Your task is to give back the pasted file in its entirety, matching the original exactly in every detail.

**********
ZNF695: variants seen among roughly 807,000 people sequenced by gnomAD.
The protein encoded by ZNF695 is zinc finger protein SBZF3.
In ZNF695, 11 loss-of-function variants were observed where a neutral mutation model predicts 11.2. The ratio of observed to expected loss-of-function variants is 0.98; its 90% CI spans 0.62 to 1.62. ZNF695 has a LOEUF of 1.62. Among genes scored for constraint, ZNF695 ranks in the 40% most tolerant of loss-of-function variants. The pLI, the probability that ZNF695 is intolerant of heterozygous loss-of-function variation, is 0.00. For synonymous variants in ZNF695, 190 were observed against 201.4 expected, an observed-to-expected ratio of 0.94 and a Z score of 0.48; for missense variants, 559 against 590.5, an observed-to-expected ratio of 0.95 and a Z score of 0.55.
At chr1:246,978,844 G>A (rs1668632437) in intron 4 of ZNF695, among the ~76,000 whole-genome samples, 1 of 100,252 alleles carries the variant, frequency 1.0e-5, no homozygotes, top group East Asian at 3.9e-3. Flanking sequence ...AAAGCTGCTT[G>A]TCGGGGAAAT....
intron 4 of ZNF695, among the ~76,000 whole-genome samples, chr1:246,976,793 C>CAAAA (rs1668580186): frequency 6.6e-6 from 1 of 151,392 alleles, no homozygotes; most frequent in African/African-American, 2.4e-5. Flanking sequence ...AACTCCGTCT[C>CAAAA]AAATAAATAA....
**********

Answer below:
ZNF695: variants seen among roughly 807,000 people sequenced by gnomAD.
The protein encoded by ZNF695 is zinc finger protein SBZF3.
In ZNF695, 11 loss-of-function variants were observed where a neutral mutation model predicts 11.2. The ratio of observed to expected loss-of-function variants is 0.98; its 90% CI spans 0.62 to 1.62. ZNF695 has a LOEUF of 1.62. Among genes scored for constraint, ZNF695 ranks in the 40% most tolerant of loss-of-function variants. The pLI, the probability that ZNF695 is intolerant of heterozygous loss-of-function variation, is 0.00. For synonymous variants in ZNF695, 190 were observed against 201.4 expected, an observed-to-expected ratio of 0.94 and a Z score of 0.48; for missense variants, 559 against 590.5, an observed-to-expected ratio of 0.95 and a Z score of 0.55.
At chr1:246,978,844 G>A (rs1668632437) in intron 4 of ZNF695, among the ~76,000 whole-genome samples, 1 of 100,252 alleles carries the variant, frequency 1.0e-5, no homozygotes, top group East Asian at 3.9e-3. Flanking sequence ...AAAGCTGCTT[G>A]TCGGGGAAAT....
intron 4 of ZNF695, among the ~76,000 whole-genome samples, chr1:246,976,793 C>CAAAA (rs1668580186): frequency 6.6e-6 from 1 of 151,392 alleles, no homozygotes; most frequent in African/African-American, 2.4e-5. Flanking sequence ...AACTCCGTCT[C>CAAAA]AAATAAATAA....